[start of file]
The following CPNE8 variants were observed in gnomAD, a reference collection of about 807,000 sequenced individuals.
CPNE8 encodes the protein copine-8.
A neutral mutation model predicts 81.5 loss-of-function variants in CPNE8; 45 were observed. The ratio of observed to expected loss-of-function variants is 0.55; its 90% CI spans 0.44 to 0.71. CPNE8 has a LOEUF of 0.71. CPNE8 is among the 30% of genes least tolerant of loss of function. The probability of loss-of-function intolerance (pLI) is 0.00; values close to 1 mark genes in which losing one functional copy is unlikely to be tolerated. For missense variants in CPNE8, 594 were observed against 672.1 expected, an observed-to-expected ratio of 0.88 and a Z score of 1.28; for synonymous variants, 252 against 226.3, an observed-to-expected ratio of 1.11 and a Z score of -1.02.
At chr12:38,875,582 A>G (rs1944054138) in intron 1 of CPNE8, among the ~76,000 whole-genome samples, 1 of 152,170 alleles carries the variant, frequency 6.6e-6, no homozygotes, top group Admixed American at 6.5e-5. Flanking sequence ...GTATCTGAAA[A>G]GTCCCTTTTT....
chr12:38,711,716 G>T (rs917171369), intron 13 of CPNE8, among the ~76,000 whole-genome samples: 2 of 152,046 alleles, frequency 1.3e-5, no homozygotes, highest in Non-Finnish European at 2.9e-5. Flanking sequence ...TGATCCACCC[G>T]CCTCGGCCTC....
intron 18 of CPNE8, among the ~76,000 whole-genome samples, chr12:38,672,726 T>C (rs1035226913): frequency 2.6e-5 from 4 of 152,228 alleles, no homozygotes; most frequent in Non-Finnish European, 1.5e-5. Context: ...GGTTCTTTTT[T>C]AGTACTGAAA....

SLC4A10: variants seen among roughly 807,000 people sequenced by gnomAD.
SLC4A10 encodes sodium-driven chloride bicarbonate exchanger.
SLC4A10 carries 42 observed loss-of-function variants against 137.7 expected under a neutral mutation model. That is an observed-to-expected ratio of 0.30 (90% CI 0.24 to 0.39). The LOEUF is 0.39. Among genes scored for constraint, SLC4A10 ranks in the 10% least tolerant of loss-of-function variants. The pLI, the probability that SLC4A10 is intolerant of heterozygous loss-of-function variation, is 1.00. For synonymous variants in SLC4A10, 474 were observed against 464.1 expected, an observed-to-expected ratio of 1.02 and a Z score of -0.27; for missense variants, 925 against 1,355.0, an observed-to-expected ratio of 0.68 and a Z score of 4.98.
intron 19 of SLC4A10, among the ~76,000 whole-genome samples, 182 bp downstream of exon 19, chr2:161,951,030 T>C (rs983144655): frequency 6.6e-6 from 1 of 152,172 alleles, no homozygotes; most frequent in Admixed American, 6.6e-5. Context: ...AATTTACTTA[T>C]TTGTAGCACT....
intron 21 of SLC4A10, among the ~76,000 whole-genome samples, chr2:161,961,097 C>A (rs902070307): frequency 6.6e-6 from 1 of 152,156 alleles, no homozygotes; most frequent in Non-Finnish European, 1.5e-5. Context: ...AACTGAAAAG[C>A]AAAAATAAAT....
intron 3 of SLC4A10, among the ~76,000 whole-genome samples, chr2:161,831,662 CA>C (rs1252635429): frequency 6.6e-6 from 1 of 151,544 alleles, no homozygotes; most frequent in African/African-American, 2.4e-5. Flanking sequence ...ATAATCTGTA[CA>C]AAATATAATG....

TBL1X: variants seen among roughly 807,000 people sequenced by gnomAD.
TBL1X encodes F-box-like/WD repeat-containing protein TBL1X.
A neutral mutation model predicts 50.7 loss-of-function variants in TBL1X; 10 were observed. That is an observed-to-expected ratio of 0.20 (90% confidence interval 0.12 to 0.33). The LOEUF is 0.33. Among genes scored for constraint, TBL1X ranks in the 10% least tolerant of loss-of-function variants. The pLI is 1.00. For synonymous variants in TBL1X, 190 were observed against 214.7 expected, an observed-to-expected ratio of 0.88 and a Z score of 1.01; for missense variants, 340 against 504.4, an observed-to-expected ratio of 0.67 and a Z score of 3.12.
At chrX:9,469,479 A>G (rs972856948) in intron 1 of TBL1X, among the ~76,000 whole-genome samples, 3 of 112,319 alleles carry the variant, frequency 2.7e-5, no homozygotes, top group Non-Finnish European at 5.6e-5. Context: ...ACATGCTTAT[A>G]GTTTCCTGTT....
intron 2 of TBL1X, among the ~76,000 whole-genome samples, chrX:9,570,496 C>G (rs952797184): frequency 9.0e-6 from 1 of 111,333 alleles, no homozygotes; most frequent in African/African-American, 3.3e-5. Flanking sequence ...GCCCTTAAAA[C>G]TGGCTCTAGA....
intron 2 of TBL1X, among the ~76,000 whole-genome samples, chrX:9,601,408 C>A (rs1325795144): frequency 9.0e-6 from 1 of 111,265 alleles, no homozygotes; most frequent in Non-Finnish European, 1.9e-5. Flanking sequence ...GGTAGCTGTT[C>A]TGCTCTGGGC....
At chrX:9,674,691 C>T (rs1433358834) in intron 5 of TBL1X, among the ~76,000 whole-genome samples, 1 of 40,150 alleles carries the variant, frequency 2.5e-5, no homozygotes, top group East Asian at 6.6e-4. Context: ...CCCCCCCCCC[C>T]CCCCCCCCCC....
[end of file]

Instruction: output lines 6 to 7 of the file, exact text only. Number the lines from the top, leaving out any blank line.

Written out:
intron 18 of CPNE8, among the ~76,000 whole-genome samples, chr12:38,672,726 T>C (rs1035226913): frequency 2.6e-5 from 4 of 152,228 alleles, no homozygotes; most frequent in Non-Finnish European, 1.5e-5. Context: ...GGTTCTTTTT[T>C]AGTACTGAAA....

SLC4A10: variants seen among roughly 807,000 people sequenced by gnomAD.